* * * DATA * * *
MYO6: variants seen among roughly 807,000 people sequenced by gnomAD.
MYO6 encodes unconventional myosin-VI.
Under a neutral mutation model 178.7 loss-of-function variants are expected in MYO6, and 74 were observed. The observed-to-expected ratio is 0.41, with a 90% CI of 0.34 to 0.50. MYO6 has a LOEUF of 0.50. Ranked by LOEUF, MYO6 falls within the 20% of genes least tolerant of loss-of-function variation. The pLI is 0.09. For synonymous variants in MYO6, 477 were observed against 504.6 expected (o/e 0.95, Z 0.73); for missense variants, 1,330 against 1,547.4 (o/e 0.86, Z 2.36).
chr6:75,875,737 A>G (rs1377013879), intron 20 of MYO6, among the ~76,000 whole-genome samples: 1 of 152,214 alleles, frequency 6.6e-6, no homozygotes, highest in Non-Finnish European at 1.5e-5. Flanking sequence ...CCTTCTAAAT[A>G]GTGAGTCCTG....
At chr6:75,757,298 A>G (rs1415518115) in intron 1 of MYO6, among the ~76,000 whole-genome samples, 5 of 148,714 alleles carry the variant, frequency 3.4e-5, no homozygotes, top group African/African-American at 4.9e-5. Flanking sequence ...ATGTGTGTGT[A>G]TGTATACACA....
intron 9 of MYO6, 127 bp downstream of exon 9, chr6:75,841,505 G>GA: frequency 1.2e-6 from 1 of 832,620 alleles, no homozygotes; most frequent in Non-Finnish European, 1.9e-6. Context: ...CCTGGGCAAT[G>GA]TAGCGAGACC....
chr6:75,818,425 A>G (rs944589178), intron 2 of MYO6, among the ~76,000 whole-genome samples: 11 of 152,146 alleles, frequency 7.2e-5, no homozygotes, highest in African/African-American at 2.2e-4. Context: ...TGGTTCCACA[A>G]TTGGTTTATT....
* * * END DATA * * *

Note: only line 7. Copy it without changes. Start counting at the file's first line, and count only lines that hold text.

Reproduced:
chr6:75,818,425 A>G (rs944589178), intron 2 of MYO6, among the ~76,000 whole-genome samples: 11 of 152,146 alleles, frequency 7.2e-5, no homozygotes, highest in African/African-American at 2.2e-4. Context: ...TGGTTCCACA[A>G]TTGGTTTATT....